Otodectes cynotis, most commonly called ear mites, are a common and relatively mild external parasite infection. Ear mites are parasites that live on the skin’s surface, especially on the skin lining of the ear canal and are very contagious.
The typical external signs of ear mites are quite obvious: the cat’s outer ear is likely to be inflamed, and the animal will hold its ears flat against its head, scratch at them and shaking its head frequently—as if trying to dislodge a bothersome object.
The diagnosis of ear mites will be confirmed by your veterinarian when they examine your cat’s ear canals with a special magnifying instrument called an otoscope. If the cat is unwilling to allow this instrument near its sensitive ears, the veterinarian will use a cotton swab to gently collect a sample of ear debris. Ear mites or eggs may be found during the examination or may also be found by examining your cat’s earwax under a microscope.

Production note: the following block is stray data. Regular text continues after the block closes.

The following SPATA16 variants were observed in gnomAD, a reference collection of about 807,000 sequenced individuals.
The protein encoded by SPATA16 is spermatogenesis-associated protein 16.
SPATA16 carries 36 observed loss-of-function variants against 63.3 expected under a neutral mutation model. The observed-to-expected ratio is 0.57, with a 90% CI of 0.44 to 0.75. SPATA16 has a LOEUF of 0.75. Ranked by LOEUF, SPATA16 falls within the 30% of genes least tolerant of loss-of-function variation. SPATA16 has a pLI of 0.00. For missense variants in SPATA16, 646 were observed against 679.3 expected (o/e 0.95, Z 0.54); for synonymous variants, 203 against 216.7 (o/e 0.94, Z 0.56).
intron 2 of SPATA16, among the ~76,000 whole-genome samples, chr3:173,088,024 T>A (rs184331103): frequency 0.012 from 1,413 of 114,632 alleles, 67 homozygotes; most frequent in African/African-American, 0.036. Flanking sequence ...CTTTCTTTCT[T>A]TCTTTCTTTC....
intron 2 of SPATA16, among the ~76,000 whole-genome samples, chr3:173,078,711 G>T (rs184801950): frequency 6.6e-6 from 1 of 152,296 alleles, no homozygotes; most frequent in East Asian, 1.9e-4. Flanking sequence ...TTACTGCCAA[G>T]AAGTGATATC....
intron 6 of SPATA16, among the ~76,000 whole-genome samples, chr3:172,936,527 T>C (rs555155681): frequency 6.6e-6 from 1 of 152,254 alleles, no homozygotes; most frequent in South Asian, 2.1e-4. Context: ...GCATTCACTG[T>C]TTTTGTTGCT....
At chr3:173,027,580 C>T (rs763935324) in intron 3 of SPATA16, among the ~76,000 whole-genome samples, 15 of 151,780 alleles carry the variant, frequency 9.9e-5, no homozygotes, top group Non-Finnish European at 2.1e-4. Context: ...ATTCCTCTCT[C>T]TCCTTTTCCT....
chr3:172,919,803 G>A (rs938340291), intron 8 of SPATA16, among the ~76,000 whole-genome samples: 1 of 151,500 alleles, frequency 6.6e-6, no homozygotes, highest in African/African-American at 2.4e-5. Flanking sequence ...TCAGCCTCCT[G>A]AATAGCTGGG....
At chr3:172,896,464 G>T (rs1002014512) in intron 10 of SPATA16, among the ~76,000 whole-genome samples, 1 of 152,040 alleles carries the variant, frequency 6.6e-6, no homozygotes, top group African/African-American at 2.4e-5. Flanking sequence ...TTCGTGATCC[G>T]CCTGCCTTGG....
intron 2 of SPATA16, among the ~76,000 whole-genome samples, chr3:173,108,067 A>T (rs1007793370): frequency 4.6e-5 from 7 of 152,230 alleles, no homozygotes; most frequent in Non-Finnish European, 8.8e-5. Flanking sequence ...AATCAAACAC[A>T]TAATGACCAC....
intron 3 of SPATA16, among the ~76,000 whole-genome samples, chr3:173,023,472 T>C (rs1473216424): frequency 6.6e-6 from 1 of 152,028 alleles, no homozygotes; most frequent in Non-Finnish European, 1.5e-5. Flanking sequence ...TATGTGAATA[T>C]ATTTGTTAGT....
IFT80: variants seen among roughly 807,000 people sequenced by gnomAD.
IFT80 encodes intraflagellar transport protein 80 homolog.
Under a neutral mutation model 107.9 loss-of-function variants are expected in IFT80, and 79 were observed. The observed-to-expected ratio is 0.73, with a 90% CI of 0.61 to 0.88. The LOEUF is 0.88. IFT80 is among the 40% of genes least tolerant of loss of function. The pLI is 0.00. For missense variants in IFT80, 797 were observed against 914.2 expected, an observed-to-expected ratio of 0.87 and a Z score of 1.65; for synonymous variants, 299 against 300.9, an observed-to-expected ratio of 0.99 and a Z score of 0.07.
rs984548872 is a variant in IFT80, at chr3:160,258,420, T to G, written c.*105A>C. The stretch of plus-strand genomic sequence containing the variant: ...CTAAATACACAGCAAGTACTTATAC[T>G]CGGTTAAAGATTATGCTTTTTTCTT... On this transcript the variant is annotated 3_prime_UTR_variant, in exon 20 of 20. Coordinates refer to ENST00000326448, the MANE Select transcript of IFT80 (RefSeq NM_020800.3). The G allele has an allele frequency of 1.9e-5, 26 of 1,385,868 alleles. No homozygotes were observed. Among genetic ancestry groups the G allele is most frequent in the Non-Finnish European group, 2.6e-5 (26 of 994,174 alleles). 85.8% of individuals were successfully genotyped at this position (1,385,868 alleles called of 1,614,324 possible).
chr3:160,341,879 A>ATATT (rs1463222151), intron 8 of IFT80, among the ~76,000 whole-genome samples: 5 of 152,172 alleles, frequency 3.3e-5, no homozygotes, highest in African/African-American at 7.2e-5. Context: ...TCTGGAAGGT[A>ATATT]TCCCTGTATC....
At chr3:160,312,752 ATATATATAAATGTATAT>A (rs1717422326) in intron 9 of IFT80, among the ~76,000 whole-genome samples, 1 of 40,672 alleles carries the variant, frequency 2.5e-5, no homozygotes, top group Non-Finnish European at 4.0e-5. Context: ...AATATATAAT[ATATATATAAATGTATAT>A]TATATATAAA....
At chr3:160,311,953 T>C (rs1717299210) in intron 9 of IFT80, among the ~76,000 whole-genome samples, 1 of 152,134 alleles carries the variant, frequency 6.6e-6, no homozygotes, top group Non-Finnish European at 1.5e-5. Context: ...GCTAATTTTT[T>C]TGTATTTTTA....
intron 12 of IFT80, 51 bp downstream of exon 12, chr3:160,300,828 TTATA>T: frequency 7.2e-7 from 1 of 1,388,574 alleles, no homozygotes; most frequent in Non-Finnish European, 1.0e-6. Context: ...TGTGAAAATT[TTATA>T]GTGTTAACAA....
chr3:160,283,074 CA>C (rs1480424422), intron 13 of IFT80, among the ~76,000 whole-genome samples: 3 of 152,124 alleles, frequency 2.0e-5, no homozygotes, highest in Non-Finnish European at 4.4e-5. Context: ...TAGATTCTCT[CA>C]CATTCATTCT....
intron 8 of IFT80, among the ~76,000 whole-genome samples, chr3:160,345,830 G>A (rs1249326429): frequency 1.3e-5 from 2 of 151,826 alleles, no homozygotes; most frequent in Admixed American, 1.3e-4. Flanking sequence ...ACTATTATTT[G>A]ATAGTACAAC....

Cats can be treated on an outpatient basis with medication designed to eradicate the mites. Treatment generally begins with a thorough cleaning of the cat’s ears to remove any wax or debris that may shield the mites from topical medications.
As this infection is very contagious, all animals in the same household should be treated and the environment cleaned very thoroughly.
It is important to follow the treatment through to its completion. Your cat will start feeling better once treatment begins, and as a result, you might think that the problem is over when it isn’t.
Continue to apply your cat’s medications according to the vet’s directions until the treatment program is complete, or the ear mites could quickly repopulate in your cat’s ear.